You’ve recently graced Graphika Manila 2019. How was the experience? Was it your first time in Manila?

It was an amazing experience. First of all, just getting some sun in January is a bonus for me but Graphika was a truly special experience. I got to make some great and very talented friends, spoke to a crowd of people nearly the size of Brixton Academy (my favorite venue in London) and meet so many people from Manila who were so nice and accommodating. It was my first time in Manila but hopefully not the last. I loved it.

 


Did you get to walk the streets of Manila or travel to the islands? Were you able to pick up any inspiration or concepts for your art in the Philippines?  

I walked the streets a fair bit. It was pretty intense but I found some cool bars and things to do in the …..area. you know what? I do a lot of these talks and kind of have a routine now where I turn up, hang around the city and leave to get back to work and didn’t quite do my research of the Phillippines enough so stupidly didn’t do my research and assumed you could get to the islands really easily from where I was staying….meaning I didn’t have enough time to do the islands but my friends Buff Monster and Grif who spoke went over there and had an amazing time. I was really upset when I realized I couldn’t get there but then just thought…it’s a good excuse to come back.

I was really inspired by lots of things in the Philippines. I saw some great art and old school signs that were very inspirational and apart from that, just hanging around with those talented fuckers that work at Marvel and all those other amazing works, that was most definitely an inspiration for me.

 

 


What’s the story behind the name “Middle Boop”?

One day I will think of a funnier or better story for this but basically, the name came from an in-joke between myself and a friend who I started Middle Boop with. We were at a festival called All Tomorrow’s Parties which, to me was a life-changing place to be and it was basically just an in-joke we had between us made up on the beach at this festival long into the night. It just stuck after that. Got me to the top of Google quickly and keeps people asking what it’s all about.

 

 

How would you describe your art style? And who are your inspirations?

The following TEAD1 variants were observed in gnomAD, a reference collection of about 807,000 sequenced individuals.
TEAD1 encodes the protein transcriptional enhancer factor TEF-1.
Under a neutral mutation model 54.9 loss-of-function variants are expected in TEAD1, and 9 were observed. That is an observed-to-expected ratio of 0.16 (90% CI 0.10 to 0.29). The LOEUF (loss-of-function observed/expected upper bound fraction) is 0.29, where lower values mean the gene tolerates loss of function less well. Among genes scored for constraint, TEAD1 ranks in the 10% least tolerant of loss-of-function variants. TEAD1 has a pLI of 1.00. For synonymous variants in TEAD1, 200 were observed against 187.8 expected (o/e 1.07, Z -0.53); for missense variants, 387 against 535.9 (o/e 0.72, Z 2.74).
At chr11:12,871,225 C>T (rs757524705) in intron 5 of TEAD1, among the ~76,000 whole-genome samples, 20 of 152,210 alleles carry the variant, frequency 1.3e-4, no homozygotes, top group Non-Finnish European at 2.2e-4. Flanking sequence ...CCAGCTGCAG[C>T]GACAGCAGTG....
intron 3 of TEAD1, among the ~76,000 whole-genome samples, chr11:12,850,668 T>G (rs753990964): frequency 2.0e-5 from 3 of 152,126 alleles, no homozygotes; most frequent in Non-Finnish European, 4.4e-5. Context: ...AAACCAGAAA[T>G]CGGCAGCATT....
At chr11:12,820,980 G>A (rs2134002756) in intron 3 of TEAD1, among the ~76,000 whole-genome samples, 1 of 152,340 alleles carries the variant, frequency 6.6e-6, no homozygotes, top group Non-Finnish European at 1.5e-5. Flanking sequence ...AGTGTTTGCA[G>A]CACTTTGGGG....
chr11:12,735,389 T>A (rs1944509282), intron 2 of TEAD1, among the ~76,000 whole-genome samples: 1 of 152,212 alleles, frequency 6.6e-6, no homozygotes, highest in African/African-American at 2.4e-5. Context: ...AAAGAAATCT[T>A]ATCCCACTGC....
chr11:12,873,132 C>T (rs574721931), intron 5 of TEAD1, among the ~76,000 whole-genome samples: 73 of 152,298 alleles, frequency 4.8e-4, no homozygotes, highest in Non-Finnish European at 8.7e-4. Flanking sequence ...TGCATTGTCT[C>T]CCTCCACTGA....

My style has evolved so much over the years but I think one thing that has always been a common thread is the strong use of bold and vibrant color. So I guess the house style at Middle Boop is bright, vibrant and fun. I work with a lot of brands who are ambitious and driven so I feel my style can relate to a lot of these sorts of brands. I’m inspired by lots of things. A lot of my friends are driven and ambitious people who are doing amazing work in pretty much every different creative sector and their positive outlook always inspires me to push further or do more with my time. Stylistically I’m still inspired by all sorts of different styles and mediums. On the weird world cup project I worked on with Callum Stephenson last year, I got to work with twenty of my favorite artists and designers. That was a bit of a dream.

 

 

 


How do you retain your identity or art style as you cater to your clients’ requests? Would you drastically change your style for a client?

 

Usually clients come to us knowing the house style that my studio offers so would be looking to work with us already know the sort of work we do so generally direct clients don’t push us too far from the work we want to produce but we’ve definitely had a few in the past who completely bastardize our direction and end up down another route. Also, I come from a background in advertising and still do a lot of work with clients on that side where styles are completely thrown to one side and it’s more about completely sticking on the brand. So I guess it’s a mix of both really. Which I’m happy with as it means we get a lot more variety of work and we can offer more services too. So to answer your second question, I probably would drastically change my style for money ha!

 

See more of Middle Boop on www.middleboop.com